On March 20, U.S. Secretary of the Interior Ryan Zinke announced more than $1.1 billion in annual national funding for state wildlife agencies from revenues generated by the Pittman-Robertson Wildlife Restoration and Dingell-Johnson Sport Fish Restoration (PRDJ) acts.
State-by-state listings of the final Fiscal Year 2018 apportionments of Wildlife Restoration Program fund can be found here and the Sport Fish Restoration Program fund here. Allocations of the funds are authorized by Congress. To date, the U.S. Fish and Wildlife Service has distributed more than $20.2 billion in apportionments for state conservation and recreation projects. U.S. Department of the Interior News Release
“Vista Outdoor paid over $87 million in federal excise taxes during our fiscal year 2017 to the Pittman-Robertson Fund. These funds are generated on sales of firearms, ammunition and archery gear from our brands including Federal Premium, CCI, Speer, Savage, Stevens, Gold Tip and Bee Stinger,” said Ryan Bronson, Vista Outdoor Director of Conservation and Public Policy.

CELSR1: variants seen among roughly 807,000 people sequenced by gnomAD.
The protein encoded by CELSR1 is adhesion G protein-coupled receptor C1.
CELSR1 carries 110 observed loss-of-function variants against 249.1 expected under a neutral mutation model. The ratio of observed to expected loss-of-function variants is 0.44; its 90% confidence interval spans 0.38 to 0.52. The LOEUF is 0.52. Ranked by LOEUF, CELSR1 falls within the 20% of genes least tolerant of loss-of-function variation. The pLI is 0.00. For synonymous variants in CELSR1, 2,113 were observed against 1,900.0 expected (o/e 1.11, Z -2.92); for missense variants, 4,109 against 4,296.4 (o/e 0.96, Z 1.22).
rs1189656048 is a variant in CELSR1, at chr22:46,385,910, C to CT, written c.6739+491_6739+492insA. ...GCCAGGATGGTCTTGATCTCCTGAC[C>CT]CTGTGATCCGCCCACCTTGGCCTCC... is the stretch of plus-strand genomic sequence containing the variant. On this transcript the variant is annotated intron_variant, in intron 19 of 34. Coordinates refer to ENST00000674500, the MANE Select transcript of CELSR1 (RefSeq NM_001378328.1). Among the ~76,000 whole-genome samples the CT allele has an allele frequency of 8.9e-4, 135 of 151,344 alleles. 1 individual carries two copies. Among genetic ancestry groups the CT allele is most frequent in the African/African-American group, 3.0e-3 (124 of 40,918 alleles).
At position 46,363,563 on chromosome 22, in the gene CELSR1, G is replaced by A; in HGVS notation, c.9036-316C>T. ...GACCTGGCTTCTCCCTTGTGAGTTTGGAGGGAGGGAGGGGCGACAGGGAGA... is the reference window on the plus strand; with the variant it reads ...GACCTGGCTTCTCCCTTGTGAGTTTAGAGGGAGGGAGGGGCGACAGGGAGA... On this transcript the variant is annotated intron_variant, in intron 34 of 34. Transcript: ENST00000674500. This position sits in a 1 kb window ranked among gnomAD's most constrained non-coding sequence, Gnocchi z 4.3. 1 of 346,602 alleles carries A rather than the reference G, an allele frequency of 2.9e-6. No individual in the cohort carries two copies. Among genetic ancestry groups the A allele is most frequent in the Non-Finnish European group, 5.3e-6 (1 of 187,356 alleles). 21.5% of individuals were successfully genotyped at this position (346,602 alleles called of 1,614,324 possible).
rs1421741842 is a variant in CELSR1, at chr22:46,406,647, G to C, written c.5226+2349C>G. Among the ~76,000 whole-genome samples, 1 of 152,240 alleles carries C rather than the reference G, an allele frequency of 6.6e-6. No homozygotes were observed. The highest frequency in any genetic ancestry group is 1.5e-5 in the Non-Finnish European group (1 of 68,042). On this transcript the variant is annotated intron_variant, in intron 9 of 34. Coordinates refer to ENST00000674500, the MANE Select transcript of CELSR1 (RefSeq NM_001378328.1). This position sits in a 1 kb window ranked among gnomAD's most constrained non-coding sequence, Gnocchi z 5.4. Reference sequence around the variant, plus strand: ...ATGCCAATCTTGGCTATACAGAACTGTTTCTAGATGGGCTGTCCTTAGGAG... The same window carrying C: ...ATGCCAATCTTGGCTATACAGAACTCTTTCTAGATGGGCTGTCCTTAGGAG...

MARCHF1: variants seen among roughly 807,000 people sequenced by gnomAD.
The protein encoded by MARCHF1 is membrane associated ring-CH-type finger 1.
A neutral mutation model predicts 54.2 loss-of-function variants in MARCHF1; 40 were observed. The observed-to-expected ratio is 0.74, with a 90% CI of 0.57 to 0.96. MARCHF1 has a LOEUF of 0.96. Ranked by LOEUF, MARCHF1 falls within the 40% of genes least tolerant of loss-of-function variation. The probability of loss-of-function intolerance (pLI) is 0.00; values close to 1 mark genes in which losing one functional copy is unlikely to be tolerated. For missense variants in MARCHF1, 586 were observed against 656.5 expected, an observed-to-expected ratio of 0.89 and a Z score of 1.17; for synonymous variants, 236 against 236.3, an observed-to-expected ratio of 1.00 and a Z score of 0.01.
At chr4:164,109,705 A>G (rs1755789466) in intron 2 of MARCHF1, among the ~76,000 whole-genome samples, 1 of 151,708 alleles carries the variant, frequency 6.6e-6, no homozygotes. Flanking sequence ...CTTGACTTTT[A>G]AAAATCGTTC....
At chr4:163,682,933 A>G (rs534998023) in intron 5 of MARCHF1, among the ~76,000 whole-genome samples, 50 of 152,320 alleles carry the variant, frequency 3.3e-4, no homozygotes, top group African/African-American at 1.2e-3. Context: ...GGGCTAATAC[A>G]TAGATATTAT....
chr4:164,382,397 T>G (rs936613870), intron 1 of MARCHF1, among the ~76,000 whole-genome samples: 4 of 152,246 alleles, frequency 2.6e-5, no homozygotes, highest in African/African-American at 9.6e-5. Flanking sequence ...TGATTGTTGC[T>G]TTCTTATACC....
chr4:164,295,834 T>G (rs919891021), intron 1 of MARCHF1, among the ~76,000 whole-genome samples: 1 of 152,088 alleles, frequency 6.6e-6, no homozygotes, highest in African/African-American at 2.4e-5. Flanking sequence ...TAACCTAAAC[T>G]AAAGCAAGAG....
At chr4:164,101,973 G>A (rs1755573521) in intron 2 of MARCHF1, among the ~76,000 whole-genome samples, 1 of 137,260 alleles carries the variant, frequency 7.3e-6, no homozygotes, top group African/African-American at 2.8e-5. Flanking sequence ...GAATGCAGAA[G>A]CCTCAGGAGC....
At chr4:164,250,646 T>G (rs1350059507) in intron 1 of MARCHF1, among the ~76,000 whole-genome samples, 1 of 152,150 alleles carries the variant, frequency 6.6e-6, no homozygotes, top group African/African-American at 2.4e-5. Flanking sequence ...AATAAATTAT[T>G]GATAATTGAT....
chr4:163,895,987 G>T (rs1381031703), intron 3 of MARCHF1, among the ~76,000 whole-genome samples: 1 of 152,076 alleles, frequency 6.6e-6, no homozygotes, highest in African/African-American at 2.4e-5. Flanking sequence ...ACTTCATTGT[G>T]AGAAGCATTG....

What is the Pittman-Robertson Excise Tax?
During the early 1900s, many wildlife species were dwindling in numbers or disappearing. Because of this, the ammunition industry stepped forward and asked Congress to impose an excise tax on firearms and ammunition products to help fund wildlife conservation in the United States. The revenue was then allocated to state wildlife agencies for hunter education, shooting programs and conservation efforts. The Federal Aid in Wildlife Restoration Act, commonly known as the Pittman-Robertson Act, was enacted in 1938.